How can I estimate my Social Security benefits?

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Q. I am 57 years old and retired with a pension. How does one find out his or her Social Security amount at age 62 and or age 67 to determine which age works best?
— Planning ahead

A. Congrats on your retirement.

The Social Security Administration makes this pretty easy for you.

The agency used to mail paper statements that included your earnings history and estimated benefits at different ages.

But now it’s all digital.

Start by going to the Social Security website.

If you haven’t created an account, just follow the instructions. Then when you log in, you will see your estimated benefits at age 62, at full retirement age and at age 70.

The website notes it can’t provide your actual benefit amount until you apply, and the amount may be different from the estimates because:

  • Your earnings may increase or decrease in the future.
  • Your actual benefits will be adjusted for cost-of-living increases.
  • Your estimated benefits are based on current law. The law governing benefit amounts may change. Congress has made changes to the law in the past and can do so at any time.
  • Your benefit amount may be affected by military service, railroad employment or pensions earned through work on which you did not pay Social Security tax.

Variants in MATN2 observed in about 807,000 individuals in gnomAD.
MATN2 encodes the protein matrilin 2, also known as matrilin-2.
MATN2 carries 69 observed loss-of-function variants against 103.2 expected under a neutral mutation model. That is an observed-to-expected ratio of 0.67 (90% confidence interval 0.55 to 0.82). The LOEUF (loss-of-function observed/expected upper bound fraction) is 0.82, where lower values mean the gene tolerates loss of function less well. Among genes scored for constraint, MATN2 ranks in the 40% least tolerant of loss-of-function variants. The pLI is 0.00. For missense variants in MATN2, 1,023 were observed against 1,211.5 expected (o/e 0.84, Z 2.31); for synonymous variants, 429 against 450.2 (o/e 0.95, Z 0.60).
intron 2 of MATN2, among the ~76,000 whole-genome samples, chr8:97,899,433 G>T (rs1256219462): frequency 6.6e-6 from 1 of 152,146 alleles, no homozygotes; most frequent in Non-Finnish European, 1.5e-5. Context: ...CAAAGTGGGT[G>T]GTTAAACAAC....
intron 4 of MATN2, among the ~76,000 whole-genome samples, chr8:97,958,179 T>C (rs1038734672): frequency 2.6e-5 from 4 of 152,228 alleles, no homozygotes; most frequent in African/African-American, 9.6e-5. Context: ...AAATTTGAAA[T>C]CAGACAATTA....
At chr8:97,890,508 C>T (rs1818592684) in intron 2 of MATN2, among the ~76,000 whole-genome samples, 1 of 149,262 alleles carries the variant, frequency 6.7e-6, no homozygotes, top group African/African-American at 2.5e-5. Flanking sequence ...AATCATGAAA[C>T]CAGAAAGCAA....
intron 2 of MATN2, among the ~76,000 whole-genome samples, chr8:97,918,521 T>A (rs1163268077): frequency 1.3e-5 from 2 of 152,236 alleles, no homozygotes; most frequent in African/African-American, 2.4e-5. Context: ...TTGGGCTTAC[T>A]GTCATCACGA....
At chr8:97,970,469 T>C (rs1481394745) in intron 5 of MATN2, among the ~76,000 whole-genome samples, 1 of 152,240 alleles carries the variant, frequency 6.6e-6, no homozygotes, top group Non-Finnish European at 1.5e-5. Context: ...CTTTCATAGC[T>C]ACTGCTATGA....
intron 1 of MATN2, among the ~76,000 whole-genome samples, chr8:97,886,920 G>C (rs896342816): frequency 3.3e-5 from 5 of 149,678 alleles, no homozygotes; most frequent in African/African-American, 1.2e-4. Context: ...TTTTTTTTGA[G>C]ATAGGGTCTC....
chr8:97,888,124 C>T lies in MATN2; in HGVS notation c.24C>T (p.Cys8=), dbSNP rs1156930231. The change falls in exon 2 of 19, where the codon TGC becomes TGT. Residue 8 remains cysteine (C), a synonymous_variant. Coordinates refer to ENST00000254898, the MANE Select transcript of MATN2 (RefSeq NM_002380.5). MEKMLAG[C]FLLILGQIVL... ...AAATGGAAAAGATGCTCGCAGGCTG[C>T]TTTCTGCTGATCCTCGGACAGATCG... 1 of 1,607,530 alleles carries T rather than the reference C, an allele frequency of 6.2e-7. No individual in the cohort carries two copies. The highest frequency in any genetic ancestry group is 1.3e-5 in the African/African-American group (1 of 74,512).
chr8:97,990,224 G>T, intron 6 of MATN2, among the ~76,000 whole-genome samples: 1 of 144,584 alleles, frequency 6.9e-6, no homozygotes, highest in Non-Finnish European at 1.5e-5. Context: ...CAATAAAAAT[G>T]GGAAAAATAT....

The agency also mails paper statements to workers age 60 and older three months before their birthday if they don’t receive Social Security benefits and don’t yet have an online account. If you want to request one sooner, just follow these instructions.

Workers who don’t want to wait for their scheduled mailing can request their Social Security Statement by following these instructions.

The statement will arrive by mail in four to six weeks, the agency said.

Additionally, Social Security offers a calculator to estimate your benefits.

Email your questions to moc.p1603882307leHye1603882307noMJN1603882307@ksA1603882307.

This story was originally published on April 28, 2020.

NJMoneyHelp.com presents certain general financial planning principles and advice, but should never be viewed as a substitute for obtaining advice from a personal professional advisor who understands your unique individual circumstances.